Erik Abrahamsson, Founder & CEO, explains the power of social media data in the insurance industry, the reasons for Digital Fineprint‘s success up until now, and how the end scene in ‘Top Gun’ is relatable …
[KAE] Tell us more about Digital Fineprint?
Digital Fineprint focuses solely on using social media data for the insurance industry. We think this niche is important enough to warrant our full and undivided attention. By using data from Facebook, LinkedIn, Twitter, WeChat and other social media networks we can, if the user agrees, recommend the right insurance policy and drive actionable insights for the insurers we partner with.
After launching in October 2016, we have won multiple awards and raised investment from Eos Venture Partners, grown the team to 8 full-time staff (all based in London) and reached our revenue milestones faster than our investors thought was possible. All this was only possible because of the laser-like focus the team has kept since day one.
[KAE] What have been the critical components for Digital Fineprint’s success up until now and what barriers have you encountered along the way?
We have always co-created our products, and worked closely with insurers such as Allianz, MetLife and Hiscox to find the right way of using the data we generate. It is often said that the biggest barrier to entry is the slow decision making process on behalf of banks and insurers, but we think that if the product and the team are good enough, it must be possible to break through.
One barrier we’ve encountered that is worth mentioning is Brexit. It is already much harder to attract great talent to come to the UK, and while we haven’t seen much impact on the fundraising landscape yet, there is a risk that the European Investment Fund (EIF) issues seen by some VC firms will ripple to future fundraising rounds. We need the softest possible Brexit there can be, along with guarantees for EU citizens (myself included!) to be allowed to stay and do business in the UK. Half the tech companies I’ve talked to already have backup plans to leave for Berlin or Stockholm.
[KAE] What other areas of Insurance/InsurTech do you feel are ripe for disruption and why?
Definitely life insurance, there have been many interesting start-ups in the property and casualty (P&C) space, but so far we have only seen a select few trying to innovate around life insurance. Let’s see what Ladder, Haven and Fabric will come up with as they launch!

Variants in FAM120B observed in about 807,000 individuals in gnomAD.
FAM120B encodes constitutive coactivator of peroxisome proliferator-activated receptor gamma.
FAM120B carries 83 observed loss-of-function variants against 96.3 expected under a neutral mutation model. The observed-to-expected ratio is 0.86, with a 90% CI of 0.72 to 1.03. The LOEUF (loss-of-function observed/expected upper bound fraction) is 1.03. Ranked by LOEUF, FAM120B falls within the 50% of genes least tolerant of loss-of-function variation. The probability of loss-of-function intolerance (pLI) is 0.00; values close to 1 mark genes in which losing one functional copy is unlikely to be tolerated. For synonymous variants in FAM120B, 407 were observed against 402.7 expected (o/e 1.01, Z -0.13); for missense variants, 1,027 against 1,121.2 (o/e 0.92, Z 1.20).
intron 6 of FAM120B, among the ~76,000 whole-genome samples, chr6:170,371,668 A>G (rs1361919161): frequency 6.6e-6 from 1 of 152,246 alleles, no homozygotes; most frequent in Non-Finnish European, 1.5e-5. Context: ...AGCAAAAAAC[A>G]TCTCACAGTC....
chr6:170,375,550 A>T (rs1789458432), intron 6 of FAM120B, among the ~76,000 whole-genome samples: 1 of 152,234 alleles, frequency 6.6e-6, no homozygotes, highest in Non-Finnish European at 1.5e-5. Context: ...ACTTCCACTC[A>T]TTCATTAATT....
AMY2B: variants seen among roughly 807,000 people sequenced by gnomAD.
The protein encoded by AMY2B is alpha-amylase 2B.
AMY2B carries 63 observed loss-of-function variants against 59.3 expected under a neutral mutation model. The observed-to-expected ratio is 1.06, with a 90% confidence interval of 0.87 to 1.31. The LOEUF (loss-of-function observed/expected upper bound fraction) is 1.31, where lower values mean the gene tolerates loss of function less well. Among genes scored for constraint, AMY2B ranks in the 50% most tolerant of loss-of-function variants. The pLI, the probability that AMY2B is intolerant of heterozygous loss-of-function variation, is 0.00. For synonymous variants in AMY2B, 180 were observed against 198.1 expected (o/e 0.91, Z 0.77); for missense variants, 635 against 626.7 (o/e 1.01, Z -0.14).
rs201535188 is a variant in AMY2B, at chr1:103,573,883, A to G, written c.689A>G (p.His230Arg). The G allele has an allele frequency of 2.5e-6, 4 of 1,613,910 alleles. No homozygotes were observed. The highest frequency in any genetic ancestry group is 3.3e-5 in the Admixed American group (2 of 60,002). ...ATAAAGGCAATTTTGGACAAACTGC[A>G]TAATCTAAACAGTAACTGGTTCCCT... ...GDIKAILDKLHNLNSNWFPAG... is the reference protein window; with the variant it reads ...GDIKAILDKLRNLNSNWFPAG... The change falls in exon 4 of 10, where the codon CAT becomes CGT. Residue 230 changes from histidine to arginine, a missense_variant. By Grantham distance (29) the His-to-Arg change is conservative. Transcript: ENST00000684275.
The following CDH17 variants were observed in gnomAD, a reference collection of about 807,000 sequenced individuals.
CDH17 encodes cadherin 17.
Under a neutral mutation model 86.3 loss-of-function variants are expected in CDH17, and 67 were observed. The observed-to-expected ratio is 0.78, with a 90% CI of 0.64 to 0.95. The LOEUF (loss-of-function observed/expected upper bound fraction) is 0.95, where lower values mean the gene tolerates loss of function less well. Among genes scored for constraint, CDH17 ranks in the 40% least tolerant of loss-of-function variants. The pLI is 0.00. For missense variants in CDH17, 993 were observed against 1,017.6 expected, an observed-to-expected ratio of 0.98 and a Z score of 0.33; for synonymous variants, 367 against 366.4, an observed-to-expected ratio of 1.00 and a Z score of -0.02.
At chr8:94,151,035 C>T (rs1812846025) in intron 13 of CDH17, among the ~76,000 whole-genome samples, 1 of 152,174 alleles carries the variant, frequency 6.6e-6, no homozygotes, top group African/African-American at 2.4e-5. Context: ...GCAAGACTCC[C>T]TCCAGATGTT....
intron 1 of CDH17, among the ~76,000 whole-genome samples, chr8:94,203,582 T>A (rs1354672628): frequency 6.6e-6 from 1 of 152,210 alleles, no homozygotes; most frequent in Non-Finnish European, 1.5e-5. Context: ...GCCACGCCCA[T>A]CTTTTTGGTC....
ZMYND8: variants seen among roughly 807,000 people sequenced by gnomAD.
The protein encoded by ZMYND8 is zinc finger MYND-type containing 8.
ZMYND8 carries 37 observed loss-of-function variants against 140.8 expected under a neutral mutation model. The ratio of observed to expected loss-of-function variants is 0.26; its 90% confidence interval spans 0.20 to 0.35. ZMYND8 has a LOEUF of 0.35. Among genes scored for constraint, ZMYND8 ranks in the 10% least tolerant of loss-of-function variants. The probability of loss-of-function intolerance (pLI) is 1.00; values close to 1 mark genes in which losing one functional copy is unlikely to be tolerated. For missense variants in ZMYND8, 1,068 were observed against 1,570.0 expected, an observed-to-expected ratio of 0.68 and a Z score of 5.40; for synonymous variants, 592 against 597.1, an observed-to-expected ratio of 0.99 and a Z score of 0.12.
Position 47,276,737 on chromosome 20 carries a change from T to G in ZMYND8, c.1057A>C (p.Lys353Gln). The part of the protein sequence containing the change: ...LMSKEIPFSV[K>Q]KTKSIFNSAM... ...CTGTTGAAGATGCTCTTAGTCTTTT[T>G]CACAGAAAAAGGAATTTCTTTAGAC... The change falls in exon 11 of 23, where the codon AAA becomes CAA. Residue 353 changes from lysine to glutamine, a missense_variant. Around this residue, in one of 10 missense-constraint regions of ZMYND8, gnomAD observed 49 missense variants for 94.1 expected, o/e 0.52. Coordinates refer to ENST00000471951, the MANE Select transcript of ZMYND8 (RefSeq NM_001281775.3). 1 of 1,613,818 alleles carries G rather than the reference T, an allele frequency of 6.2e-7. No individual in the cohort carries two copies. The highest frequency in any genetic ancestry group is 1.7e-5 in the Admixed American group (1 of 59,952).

We have also heard about “brokers being automated” for the last five years or so, but brokers are still around and will remain trusted business partners in the value chain for many years to come.
[KAE] Are there any common misconceptions held by peers, Financial Institutions and other industry stakeholders around InsurTech? Why do you think this is the case?
Most entrepreneurs tend to think that “insurers are slow and dumb, it should be easy to launch my own insurance brand”. Contrastingly, insurers are very, very, very good at what they’re doing, and the people we work with are absolutely phenomenal at driving innovation in a heavily regulated industry. So instead of going into direct competition with insurers, it’s much better to be an enabler of innovation and to create win-wins together with other industry participants.
[KAE] Outside of the InsurTech space, what would you call out as the key trend and/or technology that will be the most transformative this year?
We have heard a lot of hype around chatbots but have yet to see a truly great execution. Instead, I think the potential in image recognition and being able to drive meaningful insights from unstructured data will remain truly transformative.
[KAE] What is the one pearl of wisdom you would share with anyone starting their journey as a FinTech?
As an entrepreneur, you face massive amounts of rejection on a daily basis. And that’s okay. It’s all part of the learning journey, and you need to learn how to take rejection from investors, customers, team members and others in order to learn how to communicate your idea better. So the best advice I can give is to set up a good CRM – not to track your wins, but to put all your future rejections into a process so that you can learn from them. At the end of Top Gun, Tom Cruise’s commander (code-named Viper) has the following to say about learning from mistakes : “A good pilot is compelled to evaluate what’s happened, so he can apply what he’s learned”.
I can’t stress enough how much this applies to entrepreneurship! After all, we’re all “jumping off a cliff while trying to assemble a functional airplane on the way down” in the words of Reid Hoffman, so let’s all try to learn how to become great pilots!
About the Author:
Erik Abrahamsson is the founder and CEO of Digital Fineprint, the London-based analytics company that is helping insurers use social media. After winning “Best General Startup in the UK” and “Best FinTech in the UK”, the company went on to partner with Allianz, Hiscox and in January 2017 it was picked as one of the top 5 InsurTech companies worldwide for Accenture’s Innovation Lab. Financially, the company is backed by Eos Venture Partners, a VC-firm focused exclusively on InsurTech.
More about FinTech Vantage:
This post is part of the FinTech Vantage series by KAE that provides a fresh perspective and hears first-hand from various players across the FinTech ecosystem.
KAE will be posting a number of interviews with FinTechs that share their candid viewpoints and to really get under the skin of the FinTech world.
If you would like to share your views and participate in the FinTech Vantage series, feel free to reach out to us at FinTech@kae.com